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CX Operations & CX Engagement

Bibi Sofowote, CCXP

A few weeks ago, a close friend commented to me about an industry leader who seemed to be very focused on CX Operations but not at all on CX Engagement. They wondered if I had any thoughts on the sustainability of this approach. I did.

Let’s talk about it.

When a college student named Steve Wozniak was introduced to high-schooler Steve Jobs in 1971, they very quickly realized they had more than their first names in common. Their mutual passion for pranks and perhaps more importantly, electronics and computing soon saw them working together and eventually creating Apple, which today is one of the world’s most recognizable enterprises. Now, while we currently don’t have access to a time machine and whatever multiverses might be out there, we could still imagine that these two individuals maybe could have found greatness without each other, but it is undeniable that at least in this timeline, the result of their collaboration has been nothing short of spectacular. At the very least, one can say with a high degree of certainty, that there would be no Apple without both Steves.

In that same vein, I’d like to submit that there could be no CX Excellence without care being give to both CX Operations, and CX Engagement.

CX Engagement is made up of the touch-points and strategies that create meaningful and inspiring interactions with customers, fostering loyalty and solidifying an emotional connection. Things like the customer ordering process, customer service interactions, website visits, social media engagement, et-cetera, fall into this category.

CX Operations, on the other hand, are the backend systems, processes and infrastructure that support and enable effective customer interactions and delivery. Think order fulfillment, product development, ticket management, process standardization, in this space.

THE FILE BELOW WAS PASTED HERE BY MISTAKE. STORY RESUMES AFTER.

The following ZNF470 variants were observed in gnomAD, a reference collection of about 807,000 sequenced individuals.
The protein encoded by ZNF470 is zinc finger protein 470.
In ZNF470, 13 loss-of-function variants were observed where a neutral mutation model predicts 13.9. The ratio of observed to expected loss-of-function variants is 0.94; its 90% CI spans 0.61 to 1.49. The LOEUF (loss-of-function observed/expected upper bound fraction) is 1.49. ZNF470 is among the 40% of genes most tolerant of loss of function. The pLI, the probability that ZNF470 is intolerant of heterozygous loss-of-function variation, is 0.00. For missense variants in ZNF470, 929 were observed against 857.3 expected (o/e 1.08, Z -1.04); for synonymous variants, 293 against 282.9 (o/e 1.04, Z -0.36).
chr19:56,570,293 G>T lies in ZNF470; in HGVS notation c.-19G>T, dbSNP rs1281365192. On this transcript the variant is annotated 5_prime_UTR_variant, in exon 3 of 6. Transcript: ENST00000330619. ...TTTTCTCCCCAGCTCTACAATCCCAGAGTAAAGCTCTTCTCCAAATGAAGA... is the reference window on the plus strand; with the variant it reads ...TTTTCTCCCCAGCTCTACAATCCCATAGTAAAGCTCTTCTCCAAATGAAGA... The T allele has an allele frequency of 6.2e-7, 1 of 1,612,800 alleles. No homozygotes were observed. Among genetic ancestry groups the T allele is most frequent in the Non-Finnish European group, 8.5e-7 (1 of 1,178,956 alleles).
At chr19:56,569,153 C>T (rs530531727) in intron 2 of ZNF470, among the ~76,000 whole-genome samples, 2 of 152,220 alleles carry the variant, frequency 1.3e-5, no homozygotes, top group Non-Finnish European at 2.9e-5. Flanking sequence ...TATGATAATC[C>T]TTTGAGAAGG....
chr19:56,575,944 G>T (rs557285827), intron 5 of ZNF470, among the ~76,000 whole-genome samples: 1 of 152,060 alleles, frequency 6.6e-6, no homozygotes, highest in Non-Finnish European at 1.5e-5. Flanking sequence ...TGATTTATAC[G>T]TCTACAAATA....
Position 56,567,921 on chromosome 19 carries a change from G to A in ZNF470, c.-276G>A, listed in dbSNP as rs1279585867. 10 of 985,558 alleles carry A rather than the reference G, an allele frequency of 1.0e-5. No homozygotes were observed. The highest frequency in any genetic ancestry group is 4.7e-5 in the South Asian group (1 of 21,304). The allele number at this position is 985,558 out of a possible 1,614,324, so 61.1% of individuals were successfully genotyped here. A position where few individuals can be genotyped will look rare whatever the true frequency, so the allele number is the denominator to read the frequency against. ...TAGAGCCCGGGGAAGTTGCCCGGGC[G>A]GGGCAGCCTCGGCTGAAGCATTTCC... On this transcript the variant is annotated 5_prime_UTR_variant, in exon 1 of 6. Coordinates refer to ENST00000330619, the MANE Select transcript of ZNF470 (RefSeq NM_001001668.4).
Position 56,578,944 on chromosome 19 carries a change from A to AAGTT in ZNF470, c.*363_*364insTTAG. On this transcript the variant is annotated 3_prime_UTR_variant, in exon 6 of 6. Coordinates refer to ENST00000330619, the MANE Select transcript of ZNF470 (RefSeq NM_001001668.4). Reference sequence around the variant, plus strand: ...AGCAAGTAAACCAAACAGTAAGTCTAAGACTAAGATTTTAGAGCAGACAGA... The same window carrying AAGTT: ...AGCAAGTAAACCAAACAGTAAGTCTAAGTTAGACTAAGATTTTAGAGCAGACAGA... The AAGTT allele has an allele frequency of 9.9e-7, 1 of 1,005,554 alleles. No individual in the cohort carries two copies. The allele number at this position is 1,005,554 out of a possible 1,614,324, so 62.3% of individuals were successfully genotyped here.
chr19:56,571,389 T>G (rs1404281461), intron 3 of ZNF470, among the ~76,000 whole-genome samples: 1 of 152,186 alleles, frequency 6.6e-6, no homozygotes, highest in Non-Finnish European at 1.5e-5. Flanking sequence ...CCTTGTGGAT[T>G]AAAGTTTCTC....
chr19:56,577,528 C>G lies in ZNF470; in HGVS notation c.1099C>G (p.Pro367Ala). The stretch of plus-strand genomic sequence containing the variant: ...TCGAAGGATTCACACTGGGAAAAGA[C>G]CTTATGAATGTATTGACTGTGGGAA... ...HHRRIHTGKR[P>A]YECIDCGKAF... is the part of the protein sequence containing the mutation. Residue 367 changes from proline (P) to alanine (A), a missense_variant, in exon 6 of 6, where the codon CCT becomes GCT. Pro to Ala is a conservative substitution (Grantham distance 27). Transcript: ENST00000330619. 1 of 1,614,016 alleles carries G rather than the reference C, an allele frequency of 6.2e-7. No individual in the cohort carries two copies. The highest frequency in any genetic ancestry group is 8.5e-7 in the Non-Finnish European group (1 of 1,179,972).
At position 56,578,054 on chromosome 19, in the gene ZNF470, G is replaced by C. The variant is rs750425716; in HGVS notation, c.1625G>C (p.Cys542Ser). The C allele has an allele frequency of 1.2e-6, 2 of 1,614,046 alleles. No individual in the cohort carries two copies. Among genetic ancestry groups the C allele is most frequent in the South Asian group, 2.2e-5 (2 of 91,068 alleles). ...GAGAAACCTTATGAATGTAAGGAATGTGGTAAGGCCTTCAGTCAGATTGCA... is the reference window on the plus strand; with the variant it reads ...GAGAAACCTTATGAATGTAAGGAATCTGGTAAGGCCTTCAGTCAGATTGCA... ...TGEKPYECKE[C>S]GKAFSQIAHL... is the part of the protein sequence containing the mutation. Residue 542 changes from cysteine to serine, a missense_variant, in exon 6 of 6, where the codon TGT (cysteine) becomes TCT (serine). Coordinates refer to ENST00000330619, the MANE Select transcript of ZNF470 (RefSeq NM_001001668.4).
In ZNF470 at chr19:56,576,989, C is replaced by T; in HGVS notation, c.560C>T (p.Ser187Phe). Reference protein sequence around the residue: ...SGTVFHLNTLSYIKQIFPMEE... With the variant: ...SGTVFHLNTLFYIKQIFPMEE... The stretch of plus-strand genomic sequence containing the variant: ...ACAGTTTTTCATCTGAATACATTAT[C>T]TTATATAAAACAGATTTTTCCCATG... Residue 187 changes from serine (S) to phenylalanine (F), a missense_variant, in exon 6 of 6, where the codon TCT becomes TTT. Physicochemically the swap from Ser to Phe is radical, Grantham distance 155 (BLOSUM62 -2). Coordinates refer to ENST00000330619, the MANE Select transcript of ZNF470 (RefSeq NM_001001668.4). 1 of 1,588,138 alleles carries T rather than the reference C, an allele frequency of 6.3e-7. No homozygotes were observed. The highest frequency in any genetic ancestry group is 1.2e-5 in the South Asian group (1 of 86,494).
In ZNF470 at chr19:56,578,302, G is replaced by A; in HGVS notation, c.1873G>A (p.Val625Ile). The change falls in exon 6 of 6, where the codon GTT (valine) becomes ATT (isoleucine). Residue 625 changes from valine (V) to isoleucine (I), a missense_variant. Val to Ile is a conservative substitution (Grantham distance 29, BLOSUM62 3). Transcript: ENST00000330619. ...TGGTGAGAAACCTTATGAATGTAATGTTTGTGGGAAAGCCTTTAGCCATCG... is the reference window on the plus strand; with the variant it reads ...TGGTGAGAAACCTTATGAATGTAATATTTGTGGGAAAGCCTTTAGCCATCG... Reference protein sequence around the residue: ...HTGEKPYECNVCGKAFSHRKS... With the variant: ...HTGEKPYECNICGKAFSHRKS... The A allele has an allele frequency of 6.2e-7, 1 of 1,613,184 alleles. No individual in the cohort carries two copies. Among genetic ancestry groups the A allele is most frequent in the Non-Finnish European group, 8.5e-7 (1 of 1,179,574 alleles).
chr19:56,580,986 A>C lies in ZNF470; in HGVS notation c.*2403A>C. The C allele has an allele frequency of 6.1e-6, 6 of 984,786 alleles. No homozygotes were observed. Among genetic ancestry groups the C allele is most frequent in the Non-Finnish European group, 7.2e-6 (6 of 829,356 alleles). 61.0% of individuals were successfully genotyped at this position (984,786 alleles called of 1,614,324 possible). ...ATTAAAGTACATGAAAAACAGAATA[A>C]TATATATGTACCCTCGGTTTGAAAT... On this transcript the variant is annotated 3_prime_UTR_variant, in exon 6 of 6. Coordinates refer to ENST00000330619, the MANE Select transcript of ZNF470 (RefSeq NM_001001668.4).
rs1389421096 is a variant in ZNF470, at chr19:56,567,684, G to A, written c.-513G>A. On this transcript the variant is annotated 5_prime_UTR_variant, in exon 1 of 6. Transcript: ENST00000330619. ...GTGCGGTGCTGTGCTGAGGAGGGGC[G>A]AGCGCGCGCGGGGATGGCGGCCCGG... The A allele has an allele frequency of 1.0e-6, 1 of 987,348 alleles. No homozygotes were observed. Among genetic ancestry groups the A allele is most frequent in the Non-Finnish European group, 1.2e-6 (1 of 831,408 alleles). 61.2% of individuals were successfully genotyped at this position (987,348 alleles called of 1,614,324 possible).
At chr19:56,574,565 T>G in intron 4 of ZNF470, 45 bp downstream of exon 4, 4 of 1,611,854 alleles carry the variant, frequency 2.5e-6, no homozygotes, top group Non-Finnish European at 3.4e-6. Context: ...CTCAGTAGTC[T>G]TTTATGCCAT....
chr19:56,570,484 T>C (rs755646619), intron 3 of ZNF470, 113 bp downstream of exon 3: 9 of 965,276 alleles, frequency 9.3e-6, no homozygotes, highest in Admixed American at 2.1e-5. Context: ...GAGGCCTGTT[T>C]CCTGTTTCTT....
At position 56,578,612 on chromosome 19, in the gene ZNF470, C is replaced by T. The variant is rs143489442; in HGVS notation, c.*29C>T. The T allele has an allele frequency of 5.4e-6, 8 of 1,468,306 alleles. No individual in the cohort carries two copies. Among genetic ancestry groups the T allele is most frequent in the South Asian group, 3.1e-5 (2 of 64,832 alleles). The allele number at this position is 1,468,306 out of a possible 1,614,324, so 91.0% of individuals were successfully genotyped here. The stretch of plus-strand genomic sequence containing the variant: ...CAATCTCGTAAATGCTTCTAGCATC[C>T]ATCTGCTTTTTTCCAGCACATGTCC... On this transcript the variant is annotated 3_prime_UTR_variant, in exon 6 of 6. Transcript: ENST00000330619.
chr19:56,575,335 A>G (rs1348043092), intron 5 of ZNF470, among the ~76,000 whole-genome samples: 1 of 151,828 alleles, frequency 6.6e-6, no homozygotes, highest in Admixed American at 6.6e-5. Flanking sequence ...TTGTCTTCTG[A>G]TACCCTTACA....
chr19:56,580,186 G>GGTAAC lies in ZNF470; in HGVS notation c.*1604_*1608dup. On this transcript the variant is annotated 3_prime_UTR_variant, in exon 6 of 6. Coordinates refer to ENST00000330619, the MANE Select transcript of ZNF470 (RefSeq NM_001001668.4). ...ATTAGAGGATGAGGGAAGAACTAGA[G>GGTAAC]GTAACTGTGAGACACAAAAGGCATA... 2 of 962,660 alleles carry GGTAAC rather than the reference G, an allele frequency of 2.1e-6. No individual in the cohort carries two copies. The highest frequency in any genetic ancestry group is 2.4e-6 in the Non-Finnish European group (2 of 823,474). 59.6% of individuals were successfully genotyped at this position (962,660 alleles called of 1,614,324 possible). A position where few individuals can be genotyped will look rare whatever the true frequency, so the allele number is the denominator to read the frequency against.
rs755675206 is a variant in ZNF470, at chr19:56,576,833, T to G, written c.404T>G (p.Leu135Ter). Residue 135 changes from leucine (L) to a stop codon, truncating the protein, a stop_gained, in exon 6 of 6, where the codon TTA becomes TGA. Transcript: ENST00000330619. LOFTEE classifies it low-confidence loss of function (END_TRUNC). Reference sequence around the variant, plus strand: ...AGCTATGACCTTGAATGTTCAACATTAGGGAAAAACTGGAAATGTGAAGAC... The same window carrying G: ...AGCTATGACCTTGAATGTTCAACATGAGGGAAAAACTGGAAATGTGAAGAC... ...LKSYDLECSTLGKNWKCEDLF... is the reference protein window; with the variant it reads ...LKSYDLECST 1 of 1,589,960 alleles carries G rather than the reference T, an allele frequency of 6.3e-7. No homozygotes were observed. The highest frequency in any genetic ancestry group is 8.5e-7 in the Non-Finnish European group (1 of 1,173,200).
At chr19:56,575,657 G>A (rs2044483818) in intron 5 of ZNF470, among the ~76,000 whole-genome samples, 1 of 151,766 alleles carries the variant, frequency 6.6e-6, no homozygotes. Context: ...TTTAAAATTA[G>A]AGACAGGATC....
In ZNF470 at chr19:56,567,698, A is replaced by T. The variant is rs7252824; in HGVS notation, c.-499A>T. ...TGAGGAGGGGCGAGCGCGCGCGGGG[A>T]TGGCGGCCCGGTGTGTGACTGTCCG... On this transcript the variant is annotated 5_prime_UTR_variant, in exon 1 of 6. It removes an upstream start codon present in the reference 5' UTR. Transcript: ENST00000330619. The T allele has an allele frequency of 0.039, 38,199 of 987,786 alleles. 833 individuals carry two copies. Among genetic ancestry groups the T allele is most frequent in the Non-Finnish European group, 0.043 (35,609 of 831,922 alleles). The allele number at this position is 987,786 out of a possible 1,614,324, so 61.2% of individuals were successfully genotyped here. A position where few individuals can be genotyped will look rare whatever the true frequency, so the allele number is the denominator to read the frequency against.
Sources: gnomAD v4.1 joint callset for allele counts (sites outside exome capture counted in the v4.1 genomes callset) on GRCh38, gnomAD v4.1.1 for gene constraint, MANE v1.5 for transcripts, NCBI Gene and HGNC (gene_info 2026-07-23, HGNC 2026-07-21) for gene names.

The relationship between these two is symbiotic in its truest sense. Effective CX Operations enable smoother CX Engagement, while meaningful CX Engagement can inform and refine operational processes. An example that you’re probably familiar with would be Amazon's exceptional implementation. Their recommendation system (CX Engagement) is powered by robust data analytics and inventory management (CX Operations). This seamless integration ensures customers receive relevant product suggestions, enhancing their shopping experience and keeping Amazon’s revenue growing.

Insights gathered from CX Engagement can be used to refine and optimize CX Operations, leading to greater innovation and increasing a company’s ability to better target the core care-abouts of its customers in its decision-making and execution.

For example, a software company receiving feedback, that there are routinely interruptions and failures during the download of the software, might decide to prioritize more immediate budget on investing in better backend infrastructure, and implement a more efficient download delivery system to ensure a smoother experience.

Consistency is key. Consistent CX Operations ensure that the quality of CX Engagement remains high across all channels, all the time. I’m sure you’d have something to say if every time you went into a Starbucks, you felt like you were playing the roulette, because you never quite knew what sort of experience you’d have. And even though you’d always order the same thing, the cup they’d shove in your hand tasted wildly different, day to day. The reason your Vanilla Latte tastes the same, every day, and no matter what location you go into, is that Starbucks’ CX Operations are consistent, ensuring that you, the customer, have a familiar and positive experience every time you visit, AKA, CX Engagement.

CX Operations and CX Engagement are like… the Property Brothers, ya know? It’s not the Property Brothers unless there’s both of them, right? And because they each focus on a different aspect of the same project, they can make it happen. So, while CX Engagement focuses on creating memorable and meaningful interactions, CX Operations ensure that the infrastructure and processes are there to support these interactions effectively. Businesses that understand and invest in both aspects are more likely to deliver a superior end-to-end customer experience, leading to great outcomes for both company and customer.

To close, here’s a fun game: Of Jobs and Wozniak, who jumps to mind when I say, “CX Engagement”? And who do you picture when I yell, “CX Operations!”? I’d love to know what your answers were!

Thanks for reading this article. How will you use this information to make your customer experience better today? What have you observed in your environment Reach out. Connect. I’ll be reading and responding. And learning.

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